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Sweden’s super lab is strengthened

Published Jul 07, 2010

The national cooperation between KTH, Uppsala University and Chalmers in the form of the clean-room network Myfab is to be upgraded and will become a national resource. This is something the Science Council has arranged. Increased access to the laboratories in question for all of Sweden’s researchers is an important aspect of the improved cooperation.

Mikael Östling
Mikael Östling

“With Myfab and these three laboratories, we can continue to be the best in Europe, in particular as regards laboratory equipment. Nobody can beat us,” says Mikael Östling. He is Director of education at the ICT school where the Electrum laboratory forms a part of KTH’s Myfab.

The initiative is of the greatest importance because it means that Sweden can keep up with the competition with other international clean-room laboratories. According to Mikael Östling, Myfab facilitates research which would not otherwise be carried out unless the cooperation was available.

With Myfab becoming a national resource, it means that NFL at Chalmers, Ångström MSLlab at Uppsala University and the Elecktrum laboratory at KTH will be available to all researchers in Sweden. In addition, so-called user support is included, researchers will be able to gain free access to any help they may require when using the equipment.

So far, Myfab has been a success, and that is the reason why continued support from The Science Council is being provided.

“Throughout the years, we have learned how we should cooperate. It means, among other things, providing each other with backup as regards laboratory equipment in case it breaks down, but it also means the provision of feedback as to the type of equipment that should be purchased so that new equipment can be a compliment to the existing equipment rather than each laboratory purchasing similar equipment,” says Mikael Östling.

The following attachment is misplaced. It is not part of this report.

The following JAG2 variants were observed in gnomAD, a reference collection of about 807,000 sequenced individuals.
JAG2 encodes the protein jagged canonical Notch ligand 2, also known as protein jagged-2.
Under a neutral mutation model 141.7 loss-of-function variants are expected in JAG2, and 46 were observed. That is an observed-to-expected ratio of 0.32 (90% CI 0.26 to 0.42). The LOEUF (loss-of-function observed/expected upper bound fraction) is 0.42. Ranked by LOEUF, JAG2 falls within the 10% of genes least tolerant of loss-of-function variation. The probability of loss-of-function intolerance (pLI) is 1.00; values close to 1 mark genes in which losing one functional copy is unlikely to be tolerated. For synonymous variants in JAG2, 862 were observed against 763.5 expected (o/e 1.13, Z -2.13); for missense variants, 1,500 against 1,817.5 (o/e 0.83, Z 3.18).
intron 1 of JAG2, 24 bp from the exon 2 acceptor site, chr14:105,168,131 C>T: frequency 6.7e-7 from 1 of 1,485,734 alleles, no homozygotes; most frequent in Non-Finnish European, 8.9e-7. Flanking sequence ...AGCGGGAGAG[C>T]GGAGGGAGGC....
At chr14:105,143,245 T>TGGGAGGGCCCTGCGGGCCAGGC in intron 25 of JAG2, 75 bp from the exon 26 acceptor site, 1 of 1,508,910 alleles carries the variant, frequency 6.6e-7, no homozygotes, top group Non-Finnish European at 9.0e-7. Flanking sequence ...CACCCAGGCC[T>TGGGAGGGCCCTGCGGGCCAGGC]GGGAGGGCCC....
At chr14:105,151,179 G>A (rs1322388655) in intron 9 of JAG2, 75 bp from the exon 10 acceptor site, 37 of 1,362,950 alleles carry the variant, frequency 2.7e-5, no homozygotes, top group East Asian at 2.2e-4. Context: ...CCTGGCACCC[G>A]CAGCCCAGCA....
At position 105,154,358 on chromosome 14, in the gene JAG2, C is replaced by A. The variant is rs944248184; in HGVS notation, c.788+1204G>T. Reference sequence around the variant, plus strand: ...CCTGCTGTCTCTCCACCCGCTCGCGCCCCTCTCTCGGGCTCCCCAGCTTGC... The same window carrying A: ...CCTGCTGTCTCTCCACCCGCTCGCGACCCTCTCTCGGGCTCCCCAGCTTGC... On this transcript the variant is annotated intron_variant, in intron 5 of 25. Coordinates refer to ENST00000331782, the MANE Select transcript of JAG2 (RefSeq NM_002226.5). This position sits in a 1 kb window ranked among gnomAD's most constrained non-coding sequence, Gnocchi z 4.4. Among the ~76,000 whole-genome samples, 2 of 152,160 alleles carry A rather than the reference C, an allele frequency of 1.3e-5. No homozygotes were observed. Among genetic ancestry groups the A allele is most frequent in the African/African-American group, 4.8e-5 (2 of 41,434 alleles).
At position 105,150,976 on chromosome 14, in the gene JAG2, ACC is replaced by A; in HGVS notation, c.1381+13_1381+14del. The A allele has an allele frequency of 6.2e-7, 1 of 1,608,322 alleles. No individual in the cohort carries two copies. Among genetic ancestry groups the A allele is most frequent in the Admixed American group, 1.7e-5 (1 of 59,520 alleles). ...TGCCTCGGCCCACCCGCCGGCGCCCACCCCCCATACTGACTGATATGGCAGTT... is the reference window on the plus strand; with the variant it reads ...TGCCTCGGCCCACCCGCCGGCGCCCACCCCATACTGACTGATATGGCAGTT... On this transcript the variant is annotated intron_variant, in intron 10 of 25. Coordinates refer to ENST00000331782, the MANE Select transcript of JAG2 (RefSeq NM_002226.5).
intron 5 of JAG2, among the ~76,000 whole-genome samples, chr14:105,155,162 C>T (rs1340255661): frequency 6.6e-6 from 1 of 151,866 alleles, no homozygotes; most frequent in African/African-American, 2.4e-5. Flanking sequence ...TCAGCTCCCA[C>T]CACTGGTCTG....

He adds that Myfab is a pure form of cooperation, not a product on paper. In addition, KTH, Uppsala University and Chalmers have succeeded with the objectives that were set four years ago, among other things, to get more start-up companies in the clean-rooms.

Many noteworthy results have also been achieved through Myfab. At KTH’s Electrum laboratory, leading-edge technologies have been developed for both medical sensor application and energy-efficient components for electric drive systems. In addition, researchers have developed a process which simplifies manufacturing in the semiconductor industry.

Chalmers has equipped the Herschel telescope with a small superconducting component which is highly sensitive and which can detect extremely weak signals from hidden material in the universe. In the clean-room at the Ångström laboratory in Uppsala, an algae battery has been developed.

For more information, contact Mikael Östling at 08 - 790 43 01 or

Peter Larsson